You write about organic farming, which, you know, a lot of us think as sort of a niche activity for people who can afford to pay more to get locally-grown, organically-raised food. Help us understand the basics here. I mean, what do we mean when we say organic farming? What kind of inputs go into non-organic farming that are left out of organic farming? What does it do for the soil, and how can it be used on a wider scale?
BOURNE: Sure. So typically - we had an organic standards act passed in the early 2000s which bans sort of chemical fertilizers, chemical pesticides, GMO seeds. So everything that organic farmers put on their crops has to pass through a certain standard. It has to be - come from a natural source essentially. It's this focus on increasing organic matter and fertility of the soil so that it grows robust plants that can defend themselves from weeds or insect pests instead of focusing on maximizing the seed production, and, you know, there've been several broad-scale studies looking at yields of organic and conventional agriculture, and typically organic yields 12 to 20 percent less than high-input agriculture, but it really varies on the crop and where you grow it. Some crops, there's almost no yield difference. It's going to make good crops every year and, more importantly, it's going to make farmers more money every year, year in, year out, something that you can do, you know, for millennia.
DAVIES: And less vulnerable to bad weather events?
BOURNE: Yeah, in drought conditions almost, you know, they found that organic - because of this extra organic matter in the soil, which it creates this wonderful sponge-like texture - the organic crops are typically much more resistant to drought than conventional crops.
DAVIES: You write about some other things, including what you call the blue revolution, the idea of dramatically expanding the farming of seafood, including farms in the ocean. What do you see there?
BOURNE: Well, this is a dream that Jacques Cousteau had back in the '70s, that we would stop being hunters and gatherers of the ocean, which is terribly inefficient, and actually becoming farmers of the sea. The focus here that I've written about is on these sort of novel, new ways where agriculture can really pump out an enormous amount of good, healthy protein with very little impact on the aquatic environment. So one of the examples was an offshore fish farm I visited down in Panama where they're really in the deep water - eight miles off the coast of Panama, off the Panama shelf - and they're growing these cobia in what's called the oligotrophic zone of the ocean, very low nutrient area.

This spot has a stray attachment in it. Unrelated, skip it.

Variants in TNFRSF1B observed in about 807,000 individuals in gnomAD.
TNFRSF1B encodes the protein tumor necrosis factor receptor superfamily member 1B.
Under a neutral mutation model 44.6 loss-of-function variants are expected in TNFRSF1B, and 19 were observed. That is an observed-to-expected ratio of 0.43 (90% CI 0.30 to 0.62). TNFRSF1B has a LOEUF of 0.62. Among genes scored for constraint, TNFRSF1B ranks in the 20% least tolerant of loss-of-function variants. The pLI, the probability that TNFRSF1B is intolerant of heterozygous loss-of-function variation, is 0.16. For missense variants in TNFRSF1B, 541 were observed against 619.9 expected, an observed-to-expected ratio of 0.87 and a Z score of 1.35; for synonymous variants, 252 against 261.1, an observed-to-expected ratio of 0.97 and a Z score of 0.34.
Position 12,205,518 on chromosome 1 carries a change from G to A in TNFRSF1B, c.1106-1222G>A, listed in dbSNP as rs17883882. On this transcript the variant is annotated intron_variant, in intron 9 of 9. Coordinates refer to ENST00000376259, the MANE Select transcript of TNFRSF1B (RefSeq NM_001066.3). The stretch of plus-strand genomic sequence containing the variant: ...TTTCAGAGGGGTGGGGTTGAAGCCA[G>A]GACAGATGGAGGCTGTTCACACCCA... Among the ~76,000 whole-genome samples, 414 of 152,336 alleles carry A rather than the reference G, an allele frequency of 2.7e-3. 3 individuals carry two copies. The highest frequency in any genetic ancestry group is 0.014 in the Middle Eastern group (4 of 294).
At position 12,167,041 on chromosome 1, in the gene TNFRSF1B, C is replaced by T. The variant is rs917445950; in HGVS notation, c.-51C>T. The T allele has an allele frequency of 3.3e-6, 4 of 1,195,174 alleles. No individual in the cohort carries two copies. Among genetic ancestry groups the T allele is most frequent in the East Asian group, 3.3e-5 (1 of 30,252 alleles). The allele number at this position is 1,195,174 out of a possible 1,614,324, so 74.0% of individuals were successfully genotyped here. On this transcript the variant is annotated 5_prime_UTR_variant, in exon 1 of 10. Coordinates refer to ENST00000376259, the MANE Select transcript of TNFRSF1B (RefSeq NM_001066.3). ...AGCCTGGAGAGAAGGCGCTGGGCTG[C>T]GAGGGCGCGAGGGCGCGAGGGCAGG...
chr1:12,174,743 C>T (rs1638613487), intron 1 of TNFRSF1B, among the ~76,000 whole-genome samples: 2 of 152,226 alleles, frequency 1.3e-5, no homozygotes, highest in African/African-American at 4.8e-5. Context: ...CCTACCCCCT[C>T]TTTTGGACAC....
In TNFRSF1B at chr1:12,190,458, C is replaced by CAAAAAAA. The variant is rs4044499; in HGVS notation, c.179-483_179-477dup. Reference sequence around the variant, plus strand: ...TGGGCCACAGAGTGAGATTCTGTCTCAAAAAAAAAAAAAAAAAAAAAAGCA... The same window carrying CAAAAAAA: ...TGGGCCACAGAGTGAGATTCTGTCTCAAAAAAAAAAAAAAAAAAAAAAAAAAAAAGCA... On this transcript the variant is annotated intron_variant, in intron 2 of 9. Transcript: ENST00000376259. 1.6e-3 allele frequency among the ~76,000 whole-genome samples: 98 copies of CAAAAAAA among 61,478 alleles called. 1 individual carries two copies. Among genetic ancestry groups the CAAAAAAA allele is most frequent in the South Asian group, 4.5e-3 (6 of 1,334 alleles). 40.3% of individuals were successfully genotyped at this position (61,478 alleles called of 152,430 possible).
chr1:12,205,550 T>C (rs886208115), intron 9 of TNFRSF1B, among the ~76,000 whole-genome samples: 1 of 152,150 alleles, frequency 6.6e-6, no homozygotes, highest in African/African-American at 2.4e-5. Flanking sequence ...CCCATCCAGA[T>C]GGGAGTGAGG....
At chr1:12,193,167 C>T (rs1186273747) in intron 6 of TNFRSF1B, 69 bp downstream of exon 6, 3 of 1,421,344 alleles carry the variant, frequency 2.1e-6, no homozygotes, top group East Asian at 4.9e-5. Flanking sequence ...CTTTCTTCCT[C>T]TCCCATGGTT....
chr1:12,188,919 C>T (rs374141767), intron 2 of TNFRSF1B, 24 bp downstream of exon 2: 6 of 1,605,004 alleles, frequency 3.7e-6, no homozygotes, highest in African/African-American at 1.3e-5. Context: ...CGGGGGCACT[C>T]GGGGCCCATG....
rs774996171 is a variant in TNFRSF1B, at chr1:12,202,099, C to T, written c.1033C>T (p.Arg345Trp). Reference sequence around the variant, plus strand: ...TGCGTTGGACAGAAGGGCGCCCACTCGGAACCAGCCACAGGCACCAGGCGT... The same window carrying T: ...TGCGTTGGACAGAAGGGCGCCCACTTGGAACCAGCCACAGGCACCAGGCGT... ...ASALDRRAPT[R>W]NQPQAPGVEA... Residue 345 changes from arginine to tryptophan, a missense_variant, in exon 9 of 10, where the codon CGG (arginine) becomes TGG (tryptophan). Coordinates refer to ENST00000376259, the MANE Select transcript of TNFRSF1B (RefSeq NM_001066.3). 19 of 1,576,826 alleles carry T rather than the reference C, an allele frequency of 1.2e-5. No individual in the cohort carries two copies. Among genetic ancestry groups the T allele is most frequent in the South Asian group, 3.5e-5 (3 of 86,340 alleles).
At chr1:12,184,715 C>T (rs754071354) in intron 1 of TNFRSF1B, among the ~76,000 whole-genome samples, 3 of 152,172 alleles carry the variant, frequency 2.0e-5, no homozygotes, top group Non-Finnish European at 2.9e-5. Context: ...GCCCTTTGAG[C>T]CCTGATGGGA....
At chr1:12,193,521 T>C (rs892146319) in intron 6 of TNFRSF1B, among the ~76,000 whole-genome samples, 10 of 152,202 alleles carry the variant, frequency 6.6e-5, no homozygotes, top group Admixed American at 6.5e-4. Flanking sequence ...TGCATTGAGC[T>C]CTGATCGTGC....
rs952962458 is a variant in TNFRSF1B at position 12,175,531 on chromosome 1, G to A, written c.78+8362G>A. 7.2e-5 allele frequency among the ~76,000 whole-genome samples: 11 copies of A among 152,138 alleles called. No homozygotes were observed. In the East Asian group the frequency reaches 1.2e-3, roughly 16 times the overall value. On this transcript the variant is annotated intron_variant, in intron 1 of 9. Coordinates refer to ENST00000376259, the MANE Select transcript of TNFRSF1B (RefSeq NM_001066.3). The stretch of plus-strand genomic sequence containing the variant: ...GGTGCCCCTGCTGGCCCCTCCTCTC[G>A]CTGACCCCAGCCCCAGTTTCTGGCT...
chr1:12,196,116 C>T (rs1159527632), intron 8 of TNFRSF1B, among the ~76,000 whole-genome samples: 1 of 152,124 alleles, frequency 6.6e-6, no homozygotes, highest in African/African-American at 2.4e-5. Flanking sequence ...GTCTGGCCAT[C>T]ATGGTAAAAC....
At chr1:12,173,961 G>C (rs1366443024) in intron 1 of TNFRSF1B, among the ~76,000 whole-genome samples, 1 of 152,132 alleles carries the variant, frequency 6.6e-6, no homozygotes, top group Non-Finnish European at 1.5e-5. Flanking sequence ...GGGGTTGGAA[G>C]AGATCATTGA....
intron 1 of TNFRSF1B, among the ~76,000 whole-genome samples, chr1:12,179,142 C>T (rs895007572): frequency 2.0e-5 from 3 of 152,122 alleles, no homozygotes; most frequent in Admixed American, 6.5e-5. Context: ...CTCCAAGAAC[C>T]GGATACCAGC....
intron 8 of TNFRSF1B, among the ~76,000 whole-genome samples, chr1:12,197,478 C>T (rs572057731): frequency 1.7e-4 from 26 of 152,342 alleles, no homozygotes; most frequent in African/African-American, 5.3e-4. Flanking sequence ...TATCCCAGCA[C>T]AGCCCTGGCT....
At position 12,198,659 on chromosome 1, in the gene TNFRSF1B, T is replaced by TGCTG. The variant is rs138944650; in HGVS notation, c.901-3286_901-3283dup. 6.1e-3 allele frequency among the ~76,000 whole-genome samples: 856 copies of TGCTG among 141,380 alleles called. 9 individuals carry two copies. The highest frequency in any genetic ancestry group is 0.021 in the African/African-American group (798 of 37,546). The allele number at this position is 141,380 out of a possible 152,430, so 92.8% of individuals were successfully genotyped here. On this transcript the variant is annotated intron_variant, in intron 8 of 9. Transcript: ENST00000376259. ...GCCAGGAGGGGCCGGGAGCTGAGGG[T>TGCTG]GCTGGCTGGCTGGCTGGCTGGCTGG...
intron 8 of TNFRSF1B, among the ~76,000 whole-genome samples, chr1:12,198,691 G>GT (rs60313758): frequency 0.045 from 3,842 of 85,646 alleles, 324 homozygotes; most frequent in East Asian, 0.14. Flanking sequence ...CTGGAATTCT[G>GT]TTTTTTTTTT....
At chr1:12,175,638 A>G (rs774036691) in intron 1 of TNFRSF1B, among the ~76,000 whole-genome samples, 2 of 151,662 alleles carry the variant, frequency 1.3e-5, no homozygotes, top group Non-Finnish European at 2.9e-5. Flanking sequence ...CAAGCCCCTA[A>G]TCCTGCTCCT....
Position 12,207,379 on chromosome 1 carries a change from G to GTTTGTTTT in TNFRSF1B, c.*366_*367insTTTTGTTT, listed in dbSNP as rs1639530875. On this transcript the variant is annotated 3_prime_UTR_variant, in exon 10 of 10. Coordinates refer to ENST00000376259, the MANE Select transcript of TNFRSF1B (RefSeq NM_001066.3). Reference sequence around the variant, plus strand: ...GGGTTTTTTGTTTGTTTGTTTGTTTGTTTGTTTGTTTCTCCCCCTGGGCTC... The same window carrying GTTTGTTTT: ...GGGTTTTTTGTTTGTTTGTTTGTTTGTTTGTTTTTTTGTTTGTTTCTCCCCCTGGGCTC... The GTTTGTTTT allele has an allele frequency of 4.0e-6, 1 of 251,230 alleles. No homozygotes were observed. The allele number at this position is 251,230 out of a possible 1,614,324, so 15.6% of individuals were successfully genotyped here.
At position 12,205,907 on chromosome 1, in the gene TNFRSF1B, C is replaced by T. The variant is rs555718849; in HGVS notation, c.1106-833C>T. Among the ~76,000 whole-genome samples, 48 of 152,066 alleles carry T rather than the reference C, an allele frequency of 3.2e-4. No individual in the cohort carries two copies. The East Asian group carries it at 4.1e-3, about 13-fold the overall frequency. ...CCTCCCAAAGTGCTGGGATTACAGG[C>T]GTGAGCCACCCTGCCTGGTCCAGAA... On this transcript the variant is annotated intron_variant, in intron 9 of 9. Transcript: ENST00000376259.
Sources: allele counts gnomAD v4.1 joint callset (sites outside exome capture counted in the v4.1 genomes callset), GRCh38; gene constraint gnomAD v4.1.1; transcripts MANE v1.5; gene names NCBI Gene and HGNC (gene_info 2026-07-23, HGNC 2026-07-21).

DAVIES: What are cobia? That's a fish species?
BOURNE: Cobia is this white - beautiful white sport fish that's caught by anglers in the southeast of the United States, but it's never been commercially fished because it doesn't really school. It's very difficult for fishermen to catch it, but it's a wonderful agriculture species - grows fast, very healthy, has a buttery white fillet, and since it has no swim bladder, it uses the oils, the fish oils in its body to help it float, so it has as much of these wonderful omega-3 fatty acids as salmon. So this young farmer has invested in his life savings, and he's an entrepreneur, to build this enormous fish farm off the coast of Panama. If it's successful - and no one has yet made any money farming in in the deep offshore waters, most agriculture farms are either in freshwater or they're very close to shore - but if he's successful, it could really open up vast swaths of the ocean to fairly low-impact agriculture that could pump out an enormous amount of good, healthy, low-fat, you know, protein to a world that desperately needs it.
DAVIES: What does a deep water fish farm look like? Is it, like, huge vertical nets out under the waves?
BOURNE: Oh, it's very cool. He's got these - he's got, like, eight or 12 of these huge fish pens that look like old gyroscopes we used to play with as children, and yet they're covered in Kevlar netting, and they sink. Then they typically subsist about 60 feet below the surface of the ocean. So he had one hurricane that was, like, a cat. 4 hurricane that went through one of his test farms, didn't lose a single fish. You know, they're down deep below so the ocean energy won't tear them up. So it's an incredible thing. So I went diving in one of these things with this entrepreneur - O'Hanlon was his name - and it's an incredible experience. You're down there, you know, floating around in that pen with 30,000 fish, and yet they were all calm. They didn't seem stressed. It wasn't, you know, the water was incredibly clear. It just seemed like a wonderful way to grow this type of protein for the world.
DAVIES: Are there promising ideas in irrigation and water conservation that will help that?